Case in point: oil and gas pipelines. Trump ordered aides to find ways to circumvent governors, such New York’s Andrew Cuomo, who refuse to approve pipelines in their states. But under the Clean Water Act, states are granted the right to stop projects they deem potentially harmful to their waterways.

Getting around that would require a change in the law. Even Republicans balked, concerned about stepping on the rights of state governments.

Tech trumps tariffs

Trump’s campaign to grow fossil fuels, often at the expense of wind and solar energy, has not gone as expected. In 2018, when the administration put a 30 percent tariff on solar panels, targeting cheap Chinese imports, analysts predicted the solar industry would sustain a severe blow.

But a year later, residential installations had increased by roughly 15 percent, driven by declines in the cost of solar technology.

“Even with Trump not pushing renewables, there’s enough of a foothold it’s still growing,” said Pablo Diaz, CEO of Direct Solar of America, an Arizona company that installs rooftop solar systems.

The Trump administration defends its deregulatory push as necessary to grow American industry, which it maintains was stifled by excessive regulation. But so far, there is little evidence of the economic gains Trump promised.

During

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Under the cover of Covid, Morrison wants to scrap my government’s protections against predatory lending

Pardon me for being just a little suspicious, but when I see an avalanche of enthusiasm from such reputable institutions as the Morrison government, the Murdoch media and the Australian Banking Association (anyone remember the Hayne royal commission?) about the proposed “reform” of the National Consumer Credit Protection Act, I smell a very large rodent. “Reform” here is effectively code language for repeal. And it means the repeal of major legislation introduced by my government to bring about uniform national laws to protect Australian consumers from unregulated and often predatory lending practices.



Josh Frydenberg, Scott Morrison are posing for a picture: Photograph: Lukas Coch/AAP


© Provided by The Guardian
Photograph: Lukas Coch/AAP

The banks of course have been ecstatic at Morrison’s announcement, chiming in with the government’s political chimeric that allowing the nation’s lenders once again to just let it rip was now essential for national economic recovery. Westpac, whose reputation was shredded during the royal commission, was out of the blocks first in welcoming the changes: CEO Peter King said they would “reduce red tape”, “speed up the process for customers to obtain approval”, and help small businesses access credit to invest and grow.

And right on cue, Westpac shares were catapulted 7.2% to $17.54 just before midday on the day of announcement. National Australia Bank was up more than 6% at $18.26, ANZ up more than 5% at $17.76, and Commonwealth Bank was trading almost 3.5% higher at $66.49. The popping of champagne corks could be heard right around the country as the banks, once again, saw the balance of market power swing in their direction and away from consumers. And that means more profit and less consumer protection.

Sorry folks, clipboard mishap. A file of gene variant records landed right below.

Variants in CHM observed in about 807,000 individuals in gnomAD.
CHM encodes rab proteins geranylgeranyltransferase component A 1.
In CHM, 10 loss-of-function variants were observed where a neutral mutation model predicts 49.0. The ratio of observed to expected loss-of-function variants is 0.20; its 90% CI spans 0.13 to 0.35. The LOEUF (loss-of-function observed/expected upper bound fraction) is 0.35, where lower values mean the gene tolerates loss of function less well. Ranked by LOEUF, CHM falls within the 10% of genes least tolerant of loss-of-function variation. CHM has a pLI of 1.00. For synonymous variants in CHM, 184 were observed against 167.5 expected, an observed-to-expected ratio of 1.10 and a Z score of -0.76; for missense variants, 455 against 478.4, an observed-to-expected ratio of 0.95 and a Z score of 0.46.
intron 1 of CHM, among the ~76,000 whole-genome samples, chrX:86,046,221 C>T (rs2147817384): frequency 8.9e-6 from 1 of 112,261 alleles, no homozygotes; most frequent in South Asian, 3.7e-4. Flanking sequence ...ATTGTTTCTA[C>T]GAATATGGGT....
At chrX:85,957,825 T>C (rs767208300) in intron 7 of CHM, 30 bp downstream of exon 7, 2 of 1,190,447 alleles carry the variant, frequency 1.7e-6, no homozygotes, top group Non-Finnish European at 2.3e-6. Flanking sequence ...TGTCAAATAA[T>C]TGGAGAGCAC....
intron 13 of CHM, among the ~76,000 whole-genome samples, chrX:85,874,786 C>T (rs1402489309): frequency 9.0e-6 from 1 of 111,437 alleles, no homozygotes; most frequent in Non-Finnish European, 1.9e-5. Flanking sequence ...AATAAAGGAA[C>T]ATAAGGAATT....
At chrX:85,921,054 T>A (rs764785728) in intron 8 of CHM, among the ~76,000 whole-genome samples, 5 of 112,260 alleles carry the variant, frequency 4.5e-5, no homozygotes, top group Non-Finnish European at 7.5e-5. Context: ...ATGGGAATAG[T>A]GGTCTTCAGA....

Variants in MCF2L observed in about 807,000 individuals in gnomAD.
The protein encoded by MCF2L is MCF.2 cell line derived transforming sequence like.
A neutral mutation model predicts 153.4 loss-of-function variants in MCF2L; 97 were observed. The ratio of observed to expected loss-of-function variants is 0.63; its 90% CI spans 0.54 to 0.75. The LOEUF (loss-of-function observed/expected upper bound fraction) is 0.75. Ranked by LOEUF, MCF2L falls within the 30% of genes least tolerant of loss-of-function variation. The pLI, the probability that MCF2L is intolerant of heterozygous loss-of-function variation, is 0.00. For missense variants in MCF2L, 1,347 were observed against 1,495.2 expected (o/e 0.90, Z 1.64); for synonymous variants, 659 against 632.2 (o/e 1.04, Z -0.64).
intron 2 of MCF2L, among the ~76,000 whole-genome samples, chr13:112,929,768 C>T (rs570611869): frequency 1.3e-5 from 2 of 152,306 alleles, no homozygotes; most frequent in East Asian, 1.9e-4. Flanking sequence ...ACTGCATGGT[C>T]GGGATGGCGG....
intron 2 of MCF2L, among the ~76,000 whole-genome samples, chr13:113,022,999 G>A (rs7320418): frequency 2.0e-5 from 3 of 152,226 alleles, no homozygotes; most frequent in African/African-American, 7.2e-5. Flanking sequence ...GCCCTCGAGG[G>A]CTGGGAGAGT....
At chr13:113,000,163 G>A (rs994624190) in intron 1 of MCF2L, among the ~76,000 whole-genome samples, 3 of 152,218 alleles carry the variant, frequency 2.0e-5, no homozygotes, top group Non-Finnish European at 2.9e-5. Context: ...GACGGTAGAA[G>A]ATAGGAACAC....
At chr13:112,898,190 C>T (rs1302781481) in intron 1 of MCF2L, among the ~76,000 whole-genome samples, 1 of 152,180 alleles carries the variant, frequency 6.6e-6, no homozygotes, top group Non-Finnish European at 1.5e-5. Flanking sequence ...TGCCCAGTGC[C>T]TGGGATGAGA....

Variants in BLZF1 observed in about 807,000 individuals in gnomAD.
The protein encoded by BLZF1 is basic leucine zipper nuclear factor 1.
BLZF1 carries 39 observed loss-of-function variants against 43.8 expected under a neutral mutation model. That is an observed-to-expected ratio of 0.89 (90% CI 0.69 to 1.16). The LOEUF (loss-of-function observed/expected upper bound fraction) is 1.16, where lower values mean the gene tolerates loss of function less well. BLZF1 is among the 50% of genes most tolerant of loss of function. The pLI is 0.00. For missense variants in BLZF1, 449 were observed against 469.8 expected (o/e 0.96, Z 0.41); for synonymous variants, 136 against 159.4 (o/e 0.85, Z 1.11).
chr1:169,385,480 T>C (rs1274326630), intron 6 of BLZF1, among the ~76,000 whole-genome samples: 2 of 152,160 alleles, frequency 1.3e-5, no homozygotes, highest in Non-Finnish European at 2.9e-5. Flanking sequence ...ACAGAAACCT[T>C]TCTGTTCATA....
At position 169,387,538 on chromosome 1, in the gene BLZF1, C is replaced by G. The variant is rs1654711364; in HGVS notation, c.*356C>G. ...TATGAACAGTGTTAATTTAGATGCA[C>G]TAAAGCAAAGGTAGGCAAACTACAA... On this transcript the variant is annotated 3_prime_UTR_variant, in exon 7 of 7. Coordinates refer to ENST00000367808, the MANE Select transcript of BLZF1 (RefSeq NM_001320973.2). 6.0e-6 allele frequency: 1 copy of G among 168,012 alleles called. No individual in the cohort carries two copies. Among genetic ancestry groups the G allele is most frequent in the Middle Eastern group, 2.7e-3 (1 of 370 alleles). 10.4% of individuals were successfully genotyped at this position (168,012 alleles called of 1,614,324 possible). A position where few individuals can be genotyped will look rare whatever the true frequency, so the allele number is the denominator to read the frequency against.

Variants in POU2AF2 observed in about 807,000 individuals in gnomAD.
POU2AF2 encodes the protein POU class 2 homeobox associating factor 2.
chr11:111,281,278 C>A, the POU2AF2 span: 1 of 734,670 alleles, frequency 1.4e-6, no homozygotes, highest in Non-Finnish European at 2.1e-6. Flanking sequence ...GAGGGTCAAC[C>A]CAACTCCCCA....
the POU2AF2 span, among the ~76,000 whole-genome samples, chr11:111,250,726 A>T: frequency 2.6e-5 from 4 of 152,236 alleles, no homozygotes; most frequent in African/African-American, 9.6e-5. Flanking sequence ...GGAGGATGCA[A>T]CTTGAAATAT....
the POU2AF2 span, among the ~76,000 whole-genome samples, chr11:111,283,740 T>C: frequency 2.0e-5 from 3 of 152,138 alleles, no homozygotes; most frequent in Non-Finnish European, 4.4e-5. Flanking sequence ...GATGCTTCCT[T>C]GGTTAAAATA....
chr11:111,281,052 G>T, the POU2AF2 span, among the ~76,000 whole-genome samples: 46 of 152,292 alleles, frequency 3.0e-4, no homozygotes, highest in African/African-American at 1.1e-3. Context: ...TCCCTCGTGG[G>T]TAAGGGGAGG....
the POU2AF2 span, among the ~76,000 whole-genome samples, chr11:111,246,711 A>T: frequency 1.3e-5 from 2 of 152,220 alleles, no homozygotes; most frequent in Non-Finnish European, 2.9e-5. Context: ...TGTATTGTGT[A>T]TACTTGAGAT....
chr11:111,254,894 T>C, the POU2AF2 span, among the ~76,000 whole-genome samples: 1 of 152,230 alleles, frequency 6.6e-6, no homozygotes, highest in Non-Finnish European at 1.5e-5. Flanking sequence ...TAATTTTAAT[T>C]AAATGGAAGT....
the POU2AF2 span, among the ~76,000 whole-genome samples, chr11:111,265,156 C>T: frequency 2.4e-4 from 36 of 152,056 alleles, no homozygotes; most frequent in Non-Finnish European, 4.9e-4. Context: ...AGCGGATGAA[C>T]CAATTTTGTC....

Related: Frydenberg’s move to dump lending laws ‘shortsighted’, consumer groups say

A little bit of history first. Back in the middle of the global financial crisis, when the banks came on bended knee to our government seeking sovereign guarantees to preserve their financial lifelines to international lines of credit, we acted decisively to protect them, and their depositors, and to underpin the stability of the Australian financial system. And despite a hail of abuse from both the Liberal party and the Murdoch media at the time, we succeeded. Not only did we keep Australia out of the global recession then wreaking havoc across all developed economies, we also prevented any single financial institution from falling over and protected every single Australian’s savings deposits. Not bad, given the circumstances.



Josh Frydenberg, Scott Morrison are posing for a picture: ‘It is more important than ever that there are no unnecessary barriers to the flow of credit,’ says Scott Morrison. But, writes Kevin Rudd, the Coalition government is ‘bereft of intellectual talent and policy ideas in dealing with the real challenge of national economic recovery’.


© Photograph: Lukas Coch/AAP
‘It is more important than ever that there are no unnecessary barriers to the flow of credit,’ says Scott Morrison. But, writes Kevin Rudd, the Coalition government is ‘bereft of intellectual talent and policy ideas in dealing with the real challenge of national economic recovery’.

But we were also crystal-clear with the banks and other lenders at the time that we would be acting to protect working families from future predatory lending practices. And we did so. The national consumer credit protection bill 2009 (credit bill) and the national consumer credit protection (fees) bill 2009 (fees bill) collectively made